Alpine Physical Therapy welcomes Megan Fisher DPT, ATC to our Downtown location. She earned her Doctorate in Physical Therapy from the University of Washington in 2014 and is also a Certified Athletic Trainer.
Megan's clinical interests include sports medicine and athletic training, neurological rehabilitation, balance and fall prevention, and prosthetics and orthotics.
In her spare time, Megan enjoys adventuring with her dog Betsy, biking in all forms (mountain, road, cross, touring, tandem and fat tire), water sports, camping, welding, knitting, tennis, and weight training.
Megan can be reached at our Downtown clinic at 549-0064.
Alpine Physical Therapy is pleased to welcome Jocee Long, DPT to our staff of 19 physical therapists. Jocee has come home to Alpine PT and Montana. She worked as an aide with Alpine before entering the Doctoral program in Physical Therapy at the University of Montana.
Jocee began her PT career in Oregon where she developed her interests in treating back pain and complex spine conditions, as well as general orthopedic conditions. She utilizes postural education and Pilates-based rehabilitation in her treatment approach.
During her spare time, Jocee can be found hiking, camping, running, alpine skiing, reading, or spending time with her family and friends.
Jocee can be reached at Alpine's North clinic at 541-2606.
Alpine Physical Therapy is delighted to welcome Lisa Hamilton, DPT to our team! Lisa recently moved from Colorado. She earned her Doctorate of Physical Therapy from Regis University in 2013 and her Bachelors of Physical Therapy from Northwestern University in 1988.
Lisa is Pilates Method Certified, completing training in Polestar Pilates and CoreAlign instructor training with Balanced Body University. Additionally, she is certified in functional dry needling.
Lisa's clinical interests include bone health and osteoporosis education, women's health, and whiplash associated disorders. She serves as Vice Chair of the American Physical Therapy Association Bone Health Special Interest Group.
During her free time, you will find Lisa hiking cycling, exploring all Missoula has to offer, or spending time with her family and friends. She also enjoys Pilates, meditation and mindfulness training, as well as pursuing lifelong learning.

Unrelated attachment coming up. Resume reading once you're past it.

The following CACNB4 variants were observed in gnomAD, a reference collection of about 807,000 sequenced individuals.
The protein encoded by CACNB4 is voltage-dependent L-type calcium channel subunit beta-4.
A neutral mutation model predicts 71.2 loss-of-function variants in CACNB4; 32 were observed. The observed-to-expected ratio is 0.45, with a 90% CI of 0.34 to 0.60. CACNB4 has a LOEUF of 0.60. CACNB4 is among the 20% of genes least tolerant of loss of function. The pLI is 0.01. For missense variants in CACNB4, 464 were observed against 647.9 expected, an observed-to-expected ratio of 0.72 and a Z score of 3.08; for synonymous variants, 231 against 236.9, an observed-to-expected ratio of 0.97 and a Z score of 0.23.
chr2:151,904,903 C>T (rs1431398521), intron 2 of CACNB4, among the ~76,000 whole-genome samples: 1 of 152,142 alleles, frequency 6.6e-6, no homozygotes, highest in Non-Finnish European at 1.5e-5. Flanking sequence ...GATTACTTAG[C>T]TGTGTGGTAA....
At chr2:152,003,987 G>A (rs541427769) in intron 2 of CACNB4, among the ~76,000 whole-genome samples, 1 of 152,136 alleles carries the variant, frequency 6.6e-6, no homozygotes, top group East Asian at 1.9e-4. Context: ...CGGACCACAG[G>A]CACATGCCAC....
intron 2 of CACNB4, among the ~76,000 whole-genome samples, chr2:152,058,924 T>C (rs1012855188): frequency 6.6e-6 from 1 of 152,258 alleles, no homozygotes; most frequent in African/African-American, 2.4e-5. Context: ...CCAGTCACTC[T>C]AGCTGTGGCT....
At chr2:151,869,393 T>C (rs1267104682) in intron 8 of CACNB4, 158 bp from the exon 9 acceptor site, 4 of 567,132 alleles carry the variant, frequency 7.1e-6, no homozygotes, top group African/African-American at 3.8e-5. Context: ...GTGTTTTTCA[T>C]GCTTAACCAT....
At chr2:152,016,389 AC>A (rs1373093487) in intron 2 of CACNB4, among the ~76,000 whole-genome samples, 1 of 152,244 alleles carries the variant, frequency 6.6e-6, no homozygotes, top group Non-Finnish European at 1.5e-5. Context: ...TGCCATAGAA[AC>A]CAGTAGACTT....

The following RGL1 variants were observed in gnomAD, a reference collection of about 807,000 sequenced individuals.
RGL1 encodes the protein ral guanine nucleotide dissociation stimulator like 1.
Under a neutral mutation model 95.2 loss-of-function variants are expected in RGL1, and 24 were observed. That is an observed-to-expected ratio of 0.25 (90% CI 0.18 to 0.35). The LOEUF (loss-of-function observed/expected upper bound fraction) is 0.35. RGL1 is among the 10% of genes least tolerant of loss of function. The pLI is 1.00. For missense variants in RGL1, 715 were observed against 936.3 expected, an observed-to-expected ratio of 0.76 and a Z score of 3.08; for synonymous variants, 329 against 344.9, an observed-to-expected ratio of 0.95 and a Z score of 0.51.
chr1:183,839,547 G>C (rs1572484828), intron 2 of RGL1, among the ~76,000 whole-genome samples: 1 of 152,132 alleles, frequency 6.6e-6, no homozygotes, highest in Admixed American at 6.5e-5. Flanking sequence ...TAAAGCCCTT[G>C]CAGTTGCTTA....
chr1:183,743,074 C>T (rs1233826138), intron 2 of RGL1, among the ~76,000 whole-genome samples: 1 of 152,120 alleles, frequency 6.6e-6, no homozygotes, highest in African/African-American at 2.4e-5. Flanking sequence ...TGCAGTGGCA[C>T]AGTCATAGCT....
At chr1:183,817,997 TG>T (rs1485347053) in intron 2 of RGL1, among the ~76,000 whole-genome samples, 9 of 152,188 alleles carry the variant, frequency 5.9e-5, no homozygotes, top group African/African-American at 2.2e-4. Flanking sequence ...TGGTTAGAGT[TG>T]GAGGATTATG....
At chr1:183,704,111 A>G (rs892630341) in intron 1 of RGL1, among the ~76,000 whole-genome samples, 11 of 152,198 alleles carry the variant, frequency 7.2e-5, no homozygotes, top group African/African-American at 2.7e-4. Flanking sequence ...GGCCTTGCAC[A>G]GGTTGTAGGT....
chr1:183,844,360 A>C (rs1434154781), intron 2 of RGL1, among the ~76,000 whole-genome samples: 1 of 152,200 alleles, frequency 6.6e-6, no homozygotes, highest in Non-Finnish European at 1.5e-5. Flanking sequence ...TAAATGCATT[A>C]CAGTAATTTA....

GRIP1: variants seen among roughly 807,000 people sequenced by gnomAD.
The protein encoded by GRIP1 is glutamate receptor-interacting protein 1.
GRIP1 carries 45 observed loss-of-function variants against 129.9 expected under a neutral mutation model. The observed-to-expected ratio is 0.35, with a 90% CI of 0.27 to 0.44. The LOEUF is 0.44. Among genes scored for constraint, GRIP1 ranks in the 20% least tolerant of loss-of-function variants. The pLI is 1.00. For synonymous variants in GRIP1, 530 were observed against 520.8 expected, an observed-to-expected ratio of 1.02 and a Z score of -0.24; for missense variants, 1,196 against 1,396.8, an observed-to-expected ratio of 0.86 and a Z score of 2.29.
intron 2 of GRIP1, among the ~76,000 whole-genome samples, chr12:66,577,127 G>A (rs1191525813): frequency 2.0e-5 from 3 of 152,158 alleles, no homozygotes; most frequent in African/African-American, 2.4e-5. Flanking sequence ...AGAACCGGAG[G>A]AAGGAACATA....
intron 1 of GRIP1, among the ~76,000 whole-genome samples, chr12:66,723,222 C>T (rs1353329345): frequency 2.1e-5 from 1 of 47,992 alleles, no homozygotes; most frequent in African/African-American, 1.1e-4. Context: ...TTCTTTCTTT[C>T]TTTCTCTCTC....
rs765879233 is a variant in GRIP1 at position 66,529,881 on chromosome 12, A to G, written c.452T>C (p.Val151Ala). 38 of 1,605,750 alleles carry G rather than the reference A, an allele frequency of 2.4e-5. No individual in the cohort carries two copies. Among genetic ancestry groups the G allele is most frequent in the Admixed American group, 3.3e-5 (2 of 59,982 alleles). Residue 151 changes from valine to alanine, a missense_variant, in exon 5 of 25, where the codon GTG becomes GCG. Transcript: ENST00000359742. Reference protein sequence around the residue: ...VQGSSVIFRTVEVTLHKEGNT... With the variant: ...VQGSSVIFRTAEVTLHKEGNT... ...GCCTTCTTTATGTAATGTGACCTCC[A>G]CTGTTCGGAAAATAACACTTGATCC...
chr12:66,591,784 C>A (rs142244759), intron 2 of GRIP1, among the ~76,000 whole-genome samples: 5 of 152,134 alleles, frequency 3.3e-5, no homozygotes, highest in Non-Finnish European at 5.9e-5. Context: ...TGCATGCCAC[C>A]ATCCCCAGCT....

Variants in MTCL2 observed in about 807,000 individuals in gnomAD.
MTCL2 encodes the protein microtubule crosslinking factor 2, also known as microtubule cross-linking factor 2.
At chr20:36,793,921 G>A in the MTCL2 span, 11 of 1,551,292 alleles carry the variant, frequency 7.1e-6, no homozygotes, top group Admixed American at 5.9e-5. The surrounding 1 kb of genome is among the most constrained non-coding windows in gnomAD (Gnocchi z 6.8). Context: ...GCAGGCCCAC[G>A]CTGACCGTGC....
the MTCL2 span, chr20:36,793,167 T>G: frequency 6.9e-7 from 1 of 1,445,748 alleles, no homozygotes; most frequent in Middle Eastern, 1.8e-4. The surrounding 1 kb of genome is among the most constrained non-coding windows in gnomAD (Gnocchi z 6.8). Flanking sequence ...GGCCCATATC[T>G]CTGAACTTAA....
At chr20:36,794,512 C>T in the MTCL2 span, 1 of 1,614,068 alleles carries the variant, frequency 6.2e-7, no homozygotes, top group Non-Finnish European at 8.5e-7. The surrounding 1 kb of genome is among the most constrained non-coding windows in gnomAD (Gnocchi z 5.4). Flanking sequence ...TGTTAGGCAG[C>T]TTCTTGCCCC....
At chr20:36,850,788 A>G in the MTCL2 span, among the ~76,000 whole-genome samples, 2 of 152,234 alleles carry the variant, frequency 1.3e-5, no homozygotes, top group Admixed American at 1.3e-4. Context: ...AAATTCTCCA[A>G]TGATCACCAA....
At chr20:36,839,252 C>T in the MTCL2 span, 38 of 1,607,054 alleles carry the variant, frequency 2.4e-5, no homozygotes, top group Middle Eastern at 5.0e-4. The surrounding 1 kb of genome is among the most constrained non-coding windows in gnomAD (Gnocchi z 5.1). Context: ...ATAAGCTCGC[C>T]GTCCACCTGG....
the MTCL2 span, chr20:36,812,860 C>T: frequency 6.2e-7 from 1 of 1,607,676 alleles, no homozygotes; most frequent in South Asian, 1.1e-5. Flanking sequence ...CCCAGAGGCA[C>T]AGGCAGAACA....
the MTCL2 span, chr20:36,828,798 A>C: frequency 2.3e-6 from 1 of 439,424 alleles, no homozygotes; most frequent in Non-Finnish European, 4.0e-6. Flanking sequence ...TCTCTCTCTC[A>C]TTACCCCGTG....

Lisa can be reached at our downtown clinic at 549-0064,
Thanks to Gary Gales, DPT, one of our physical therapists and a veritable yoga guru at Alpine PT. Gary shared this announcement about a unique yoga event called NamasDay of Yoga. The event is scheduled to begin at 9 AM on June 10th at Caras Park in Missoula, Montana, and is open to instructors, practitioners, and sponsors.
Here's the website for all the information you'll need, including online registration. For details go to: NamasDayOfYoga.com.
And here's Gary and Monica at a yoga retreat somewhere that's warm and green!
According to the NamasDay website, "NamasDay is the first of its kind in Missoula, Montana. Bringing you fresh and imaginative yoga from around the world, this day-long festival is sure to inspire and excite your practice both as a practitioner and a teacher. Our schedule represents the diverse world of today's yoga and aims to bring you an experience as unique as you!"
Be sure to register early on the NamasDay website by clicking here. Doing so will save you an extra $10.00 if you decide to wait and register on the day of the event.
5/2/2017 0 Comments
Every spring more than 200 smokejumpers come to Missoula, Montana, from all over the nation to train for the upcoming firefighting season. This also happens to be a super important time of year because rookie camp gets underway wherein these brave, fit, mentally tough, and highly skilled young women and men get introduced to the world of smokejumping.